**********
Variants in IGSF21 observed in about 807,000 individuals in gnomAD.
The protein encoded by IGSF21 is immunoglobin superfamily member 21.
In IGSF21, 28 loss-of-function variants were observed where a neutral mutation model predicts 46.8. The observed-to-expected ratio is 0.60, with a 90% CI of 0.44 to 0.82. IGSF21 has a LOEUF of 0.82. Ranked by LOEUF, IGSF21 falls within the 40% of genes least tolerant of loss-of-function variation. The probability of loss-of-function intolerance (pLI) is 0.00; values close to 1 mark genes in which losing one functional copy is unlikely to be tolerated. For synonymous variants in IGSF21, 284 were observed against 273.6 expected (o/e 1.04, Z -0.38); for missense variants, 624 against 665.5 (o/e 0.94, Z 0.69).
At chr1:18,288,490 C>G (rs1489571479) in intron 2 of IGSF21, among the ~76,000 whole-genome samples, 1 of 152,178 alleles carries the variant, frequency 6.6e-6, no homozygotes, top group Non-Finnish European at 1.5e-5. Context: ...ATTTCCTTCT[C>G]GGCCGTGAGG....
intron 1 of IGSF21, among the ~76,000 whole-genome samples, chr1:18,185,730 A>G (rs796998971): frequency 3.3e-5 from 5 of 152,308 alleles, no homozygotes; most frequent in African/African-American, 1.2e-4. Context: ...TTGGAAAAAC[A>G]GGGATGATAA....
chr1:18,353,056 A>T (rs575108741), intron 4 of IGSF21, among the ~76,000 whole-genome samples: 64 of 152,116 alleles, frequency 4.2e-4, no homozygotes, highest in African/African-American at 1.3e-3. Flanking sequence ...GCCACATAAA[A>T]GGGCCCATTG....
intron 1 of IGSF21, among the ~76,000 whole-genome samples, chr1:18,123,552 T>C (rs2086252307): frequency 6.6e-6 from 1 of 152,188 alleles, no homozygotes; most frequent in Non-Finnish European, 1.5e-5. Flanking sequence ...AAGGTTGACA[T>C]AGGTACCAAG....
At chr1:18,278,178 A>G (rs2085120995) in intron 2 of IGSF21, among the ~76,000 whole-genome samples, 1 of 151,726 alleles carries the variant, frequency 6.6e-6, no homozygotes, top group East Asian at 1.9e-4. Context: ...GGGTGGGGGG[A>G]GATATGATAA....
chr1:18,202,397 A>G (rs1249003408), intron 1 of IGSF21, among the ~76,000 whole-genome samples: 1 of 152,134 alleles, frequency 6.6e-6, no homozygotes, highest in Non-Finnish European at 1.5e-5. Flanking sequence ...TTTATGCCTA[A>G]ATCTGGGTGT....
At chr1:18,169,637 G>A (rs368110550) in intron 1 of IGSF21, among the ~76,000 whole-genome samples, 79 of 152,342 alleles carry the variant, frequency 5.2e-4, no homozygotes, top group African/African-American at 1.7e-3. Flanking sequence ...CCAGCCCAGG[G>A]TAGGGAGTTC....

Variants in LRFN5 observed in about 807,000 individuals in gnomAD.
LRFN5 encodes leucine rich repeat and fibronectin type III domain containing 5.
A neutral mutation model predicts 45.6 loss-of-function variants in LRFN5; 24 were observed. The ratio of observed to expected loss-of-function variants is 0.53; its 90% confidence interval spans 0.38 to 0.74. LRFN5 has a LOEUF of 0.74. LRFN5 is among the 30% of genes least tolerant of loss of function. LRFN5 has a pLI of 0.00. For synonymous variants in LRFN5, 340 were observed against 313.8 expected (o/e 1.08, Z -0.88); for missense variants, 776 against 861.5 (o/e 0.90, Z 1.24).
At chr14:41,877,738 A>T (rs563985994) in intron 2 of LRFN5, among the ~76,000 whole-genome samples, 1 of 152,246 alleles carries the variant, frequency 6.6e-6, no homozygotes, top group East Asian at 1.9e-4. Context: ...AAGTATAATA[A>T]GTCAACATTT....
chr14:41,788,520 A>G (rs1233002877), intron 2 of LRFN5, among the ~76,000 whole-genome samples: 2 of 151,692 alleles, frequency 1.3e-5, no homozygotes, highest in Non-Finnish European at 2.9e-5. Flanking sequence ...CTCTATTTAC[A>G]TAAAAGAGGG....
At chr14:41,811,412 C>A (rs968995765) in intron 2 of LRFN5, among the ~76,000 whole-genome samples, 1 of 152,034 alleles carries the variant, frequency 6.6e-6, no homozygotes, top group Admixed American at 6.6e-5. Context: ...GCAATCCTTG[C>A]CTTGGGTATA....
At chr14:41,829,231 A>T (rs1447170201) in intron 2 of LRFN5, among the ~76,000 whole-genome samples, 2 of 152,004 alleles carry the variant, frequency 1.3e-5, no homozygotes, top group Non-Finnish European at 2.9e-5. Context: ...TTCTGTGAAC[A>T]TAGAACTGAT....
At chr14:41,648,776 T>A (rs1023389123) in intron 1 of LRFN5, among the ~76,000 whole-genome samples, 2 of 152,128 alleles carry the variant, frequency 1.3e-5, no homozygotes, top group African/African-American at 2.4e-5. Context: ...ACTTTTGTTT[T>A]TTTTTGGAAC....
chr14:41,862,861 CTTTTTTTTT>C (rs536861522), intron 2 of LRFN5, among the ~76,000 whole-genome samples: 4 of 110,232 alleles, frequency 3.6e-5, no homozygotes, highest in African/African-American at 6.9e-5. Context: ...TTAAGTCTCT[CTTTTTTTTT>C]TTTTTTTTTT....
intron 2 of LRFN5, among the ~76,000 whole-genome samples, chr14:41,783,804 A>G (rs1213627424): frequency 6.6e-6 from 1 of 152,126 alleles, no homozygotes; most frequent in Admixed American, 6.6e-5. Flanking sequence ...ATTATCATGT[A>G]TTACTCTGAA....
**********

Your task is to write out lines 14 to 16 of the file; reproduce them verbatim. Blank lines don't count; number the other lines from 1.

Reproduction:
At chr14:41,877,738 A>T (rs563985994) in intron 2 of LRFN5, among the ~76,000 whole-genome samples, 1 of 152,246 alleles carries the variant, frequency 6.6e-6, no homozygotes, top group East Asian at 1.9e-4. Context: ...AAGTATAATA[A>T]GTCAACATTT....
chr14:41,788,520 A>G (rs1233002877), intron 2 of LRFN5, among the ~76,000 whole-genome samples: 2 of 151,692 alleles, frequency 1.3e-5, no homozygotes, highest in Non-Finnish European at 2.9e-5. Flanking sequence ...CTCTATTTAC[A>G]TAAAAGAGGG....
At chr14:41,811,412 C>A (rs968995765) in intron 2 of LRFN5, among the ~76,000 whole-genome samples, 1 of 152,034 alleles carries the variant, frequency 6.6e-6, no homozygotes, top group Admixed American at 6.6e-5. Context: ...GCAATCCTTG[C>A]CTTGGGTATA....